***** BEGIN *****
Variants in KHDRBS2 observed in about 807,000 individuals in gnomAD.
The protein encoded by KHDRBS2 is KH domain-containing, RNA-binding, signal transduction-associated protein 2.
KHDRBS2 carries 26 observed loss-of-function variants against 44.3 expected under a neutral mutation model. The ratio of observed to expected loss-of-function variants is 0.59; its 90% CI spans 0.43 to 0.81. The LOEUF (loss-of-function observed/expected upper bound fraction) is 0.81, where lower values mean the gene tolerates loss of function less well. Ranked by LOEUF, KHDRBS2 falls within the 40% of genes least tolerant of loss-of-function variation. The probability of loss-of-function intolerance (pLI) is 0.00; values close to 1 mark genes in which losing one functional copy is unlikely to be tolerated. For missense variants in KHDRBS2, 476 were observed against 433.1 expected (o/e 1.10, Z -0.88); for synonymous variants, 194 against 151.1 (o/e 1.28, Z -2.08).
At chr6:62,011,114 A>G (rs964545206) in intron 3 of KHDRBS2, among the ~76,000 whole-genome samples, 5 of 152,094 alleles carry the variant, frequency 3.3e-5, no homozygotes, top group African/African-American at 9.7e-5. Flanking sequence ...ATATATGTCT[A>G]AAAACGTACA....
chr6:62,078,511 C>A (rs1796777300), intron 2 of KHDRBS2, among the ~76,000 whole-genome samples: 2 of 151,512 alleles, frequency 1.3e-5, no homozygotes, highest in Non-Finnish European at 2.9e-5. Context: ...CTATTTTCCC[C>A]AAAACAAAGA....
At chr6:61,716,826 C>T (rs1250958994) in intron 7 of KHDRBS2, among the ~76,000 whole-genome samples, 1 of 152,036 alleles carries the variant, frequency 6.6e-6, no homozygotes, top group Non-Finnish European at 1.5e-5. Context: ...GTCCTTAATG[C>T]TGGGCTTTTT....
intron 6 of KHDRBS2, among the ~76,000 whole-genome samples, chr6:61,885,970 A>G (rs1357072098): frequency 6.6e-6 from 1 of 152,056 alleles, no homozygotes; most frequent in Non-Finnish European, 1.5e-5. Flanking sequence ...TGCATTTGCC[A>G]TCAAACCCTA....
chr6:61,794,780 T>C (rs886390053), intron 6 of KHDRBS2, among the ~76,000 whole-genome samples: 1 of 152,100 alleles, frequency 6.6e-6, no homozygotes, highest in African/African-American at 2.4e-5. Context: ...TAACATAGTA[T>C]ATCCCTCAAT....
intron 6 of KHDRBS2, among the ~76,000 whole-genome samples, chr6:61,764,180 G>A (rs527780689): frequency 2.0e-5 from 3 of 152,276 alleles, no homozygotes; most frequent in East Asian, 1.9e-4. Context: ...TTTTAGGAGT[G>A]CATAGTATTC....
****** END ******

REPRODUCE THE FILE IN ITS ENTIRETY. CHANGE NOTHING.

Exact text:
Variants in KHDRBS2 observed in about 807,000 individuals in gnomAD.
The protein encoded by KHDRBS2 is KH domain-containing, RNA-binding, signal transduction-associated protein 2.
KHDRBS2 carries 26 observed loss-of-function variants against 44.3 expected under a neutral mutation model. The ratio of observed to expected loss-of-function variants is 0.59; its 90% CI spans 0.43 to 0.81. The LOEUF (loss-of-function observed/expected upper bound fraction) is 0.81, where lower values mean the gene tolerates loss of function less well. Ranked by LOEUF, KHDRBS2 falls within the 40% of genes least tolerant of loss-of-function variation. The probability of loss-of-function intolerance (pLI) is 0.00; values close to 1 mark genes in which losing one functional copy is unlikely to be tolerated. For missense variants in KHDRBS2, 476 were observed against 433.1 expected (o/e 1.10, Z -0.88); for synonymous variants, 194 against 151.1 (o/e 1.28, Z -2.08).
At chr6:62,011,114 A>G (rs964545206) in intron 3 of KHDRBS2, among the ~76,000 whole-genome samples, 5 of 152,094 alleles carry the variant, frequency 3.3e-5, no homozygotes, top group African/African-American at 9.7e-5. Flanking sequence ...ATATATGTCT[A>G]AAAACGTACA....
chr6:62,078,511 C>A (rs1796777300), intron 2 of KHDRBS2, among the ~76,000 whole-genome samples: 2 of 151,512 alleles, frequency 1.3e-5, no homozygotes, highest in Non-Finnish European at 2.9e-5. Context: ...CTATTTTCCC[C>A]AAAACAAAGA....
At chr6:61,716,826 C>T (rs1250958994) in intron 7 of KHDRBS2, among the ~76,000 whole-genome samples, 1 of 152,036 alleles carries the variant, frequency 6.6e-6, no homozygotes, top group Non-Finnish European at 1.5e-5. Context: ...GTCCTTAATG[C>T]TGGGCTTTTT....
intron 6 of KHDRBS2, among the ~76,000 whole-genome samples, chr6:61,885,970 A>G (rs1357072098): frequency 6.6e-6 from 1 of 152,056 alleles, no homozygotes; most frequent in Non-Finnish European, 1.5e-5. Flanking sequence ...TGCATTTGCC[A>G]TCAAACCCTA....
chr6:61,794,780 T>C (rs886390053), intron 6 of KHDRBS2, among the ~76,000 whole-genome samples: 1 of 152,100 alleles, frequency 6.6e-6, no homozygotes, highest in African/African-American at 2.4e-5. Context: ...TAACATAGTA[T>C]ATCCCTCAAT....
intron 6 of KHDRBS2, among the ~76,000 whole-genome samples, chr6:61,764,180 G>A (rs527780689): frequency 2.0e-5 from 3 of 152,276 alleles, no homozygotes; most frequent in East Asian, 1.9e-4. Context: ...TTTTAGGAGT[G>A]CATAGTATTC....